Penn Psychologists: Sexual Attitudes Can Predict Religiousness CBS Local The results are interesting, researchers say, because evolutionary psychologists studying the influence of religion in everyday life are typically split into two groups –…
Research like this always fascinates me. But I tend to have two questions about almost every case: (a) Is it a matter of causation or of correlation?, and (b) Can one cause really be a sufficient explanation for the complexity of human behaviour?
In this particular example one could for instance ask if not both sexual and social attitudes could play a role, instead of only one of the two. I know, the research suggests that sexual attitudes are responsible – but empirical research can have its flaws.
Take for instance the concluding remark about people choosing their religion as a tool to help build the life they want. The example the authors use is a typically western one: college culture (which, they assume, involves lots of sex). Does this also hold for non-western cultures? Moreover, is this (leaving and entering a religious tradition at will, ‘shopping the religious market’) not a recent cultural development, depending on social phenomena like pluralisation and detraditionalisation (see e.g. the theological analysis of these phenomena in prof. Lieven Boeve’s "God Interrupts History") rather than on our evolutionary evolved psychology?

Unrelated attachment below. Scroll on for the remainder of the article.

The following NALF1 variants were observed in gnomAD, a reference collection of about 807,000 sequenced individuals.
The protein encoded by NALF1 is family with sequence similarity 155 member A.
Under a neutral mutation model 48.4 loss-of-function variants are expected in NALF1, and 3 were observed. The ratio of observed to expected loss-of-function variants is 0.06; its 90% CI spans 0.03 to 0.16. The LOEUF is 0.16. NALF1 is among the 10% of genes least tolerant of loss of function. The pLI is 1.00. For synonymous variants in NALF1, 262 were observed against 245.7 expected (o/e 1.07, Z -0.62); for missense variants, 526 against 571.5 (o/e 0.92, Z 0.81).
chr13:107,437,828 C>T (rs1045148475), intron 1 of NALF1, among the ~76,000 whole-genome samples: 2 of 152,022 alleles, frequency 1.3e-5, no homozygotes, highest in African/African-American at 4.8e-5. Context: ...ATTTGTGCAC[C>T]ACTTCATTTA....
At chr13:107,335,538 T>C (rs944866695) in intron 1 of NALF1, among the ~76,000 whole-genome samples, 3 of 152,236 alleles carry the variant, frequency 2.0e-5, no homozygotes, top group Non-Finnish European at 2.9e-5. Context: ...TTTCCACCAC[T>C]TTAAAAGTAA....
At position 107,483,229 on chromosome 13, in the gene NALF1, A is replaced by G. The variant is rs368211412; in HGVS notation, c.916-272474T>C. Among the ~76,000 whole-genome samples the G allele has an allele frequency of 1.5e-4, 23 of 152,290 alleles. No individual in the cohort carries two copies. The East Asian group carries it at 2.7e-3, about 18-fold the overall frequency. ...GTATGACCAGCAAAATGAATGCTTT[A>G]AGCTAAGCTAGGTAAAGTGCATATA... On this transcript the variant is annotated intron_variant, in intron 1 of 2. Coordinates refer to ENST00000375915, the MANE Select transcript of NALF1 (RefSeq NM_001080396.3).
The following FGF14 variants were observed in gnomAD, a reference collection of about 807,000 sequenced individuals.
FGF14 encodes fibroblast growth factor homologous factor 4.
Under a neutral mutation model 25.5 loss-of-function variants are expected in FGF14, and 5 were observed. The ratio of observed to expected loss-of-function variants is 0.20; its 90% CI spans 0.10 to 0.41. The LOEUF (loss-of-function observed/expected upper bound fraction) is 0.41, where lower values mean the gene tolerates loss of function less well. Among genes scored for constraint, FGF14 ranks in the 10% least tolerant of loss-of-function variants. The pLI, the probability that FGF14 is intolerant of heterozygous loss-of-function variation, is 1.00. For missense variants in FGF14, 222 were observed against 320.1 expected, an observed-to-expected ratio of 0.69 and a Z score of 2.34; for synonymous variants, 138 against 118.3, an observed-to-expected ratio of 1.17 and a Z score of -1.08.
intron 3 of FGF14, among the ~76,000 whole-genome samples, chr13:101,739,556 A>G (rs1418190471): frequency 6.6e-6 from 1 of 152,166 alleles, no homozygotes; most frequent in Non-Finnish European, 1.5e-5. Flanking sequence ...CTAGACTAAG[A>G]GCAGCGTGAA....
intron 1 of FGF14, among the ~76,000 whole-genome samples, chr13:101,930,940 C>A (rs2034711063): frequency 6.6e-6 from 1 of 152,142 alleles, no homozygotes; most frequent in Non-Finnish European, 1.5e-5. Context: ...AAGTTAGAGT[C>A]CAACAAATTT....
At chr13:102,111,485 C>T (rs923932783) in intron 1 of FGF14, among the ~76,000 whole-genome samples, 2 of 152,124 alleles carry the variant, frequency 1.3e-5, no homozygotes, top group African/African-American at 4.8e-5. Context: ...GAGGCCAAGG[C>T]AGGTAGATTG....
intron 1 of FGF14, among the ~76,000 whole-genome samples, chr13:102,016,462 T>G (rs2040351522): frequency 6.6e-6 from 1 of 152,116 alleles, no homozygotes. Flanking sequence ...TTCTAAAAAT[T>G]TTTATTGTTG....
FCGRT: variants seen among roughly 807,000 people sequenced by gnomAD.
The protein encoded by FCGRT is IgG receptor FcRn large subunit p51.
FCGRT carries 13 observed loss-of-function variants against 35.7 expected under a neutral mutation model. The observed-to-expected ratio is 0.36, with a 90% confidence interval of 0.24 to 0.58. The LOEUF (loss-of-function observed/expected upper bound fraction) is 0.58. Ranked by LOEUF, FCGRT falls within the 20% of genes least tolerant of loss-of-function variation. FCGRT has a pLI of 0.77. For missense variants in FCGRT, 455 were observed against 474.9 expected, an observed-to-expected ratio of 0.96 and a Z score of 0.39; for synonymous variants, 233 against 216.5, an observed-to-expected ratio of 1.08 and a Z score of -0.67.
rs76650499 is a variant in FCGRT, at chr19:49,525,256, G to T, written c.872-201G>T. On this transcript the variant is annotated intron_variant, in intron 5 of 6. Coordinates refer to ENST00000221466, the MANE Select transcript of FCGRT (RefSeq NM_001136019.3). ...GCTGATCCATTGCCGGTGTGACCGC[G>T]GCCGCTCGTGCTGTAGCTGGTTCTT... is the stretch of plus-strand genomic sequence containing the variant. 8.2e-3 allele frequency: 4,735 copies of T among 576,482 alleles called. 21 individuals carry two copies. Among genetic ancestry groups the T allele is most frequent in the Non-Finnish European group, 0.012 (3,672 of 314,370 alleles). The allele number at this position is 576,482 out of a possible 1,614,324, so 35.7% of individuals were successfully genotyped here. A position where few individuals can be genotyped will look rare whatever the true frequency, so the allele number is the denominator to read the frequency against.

Or is it the other way round and are these phenomena somehow, ‘under the hood’, caused by our individual mindsets, evolutionary determined as they are?
All these questions, that’s why research like this fascinates me…
See on philadelphia.cbslocal.com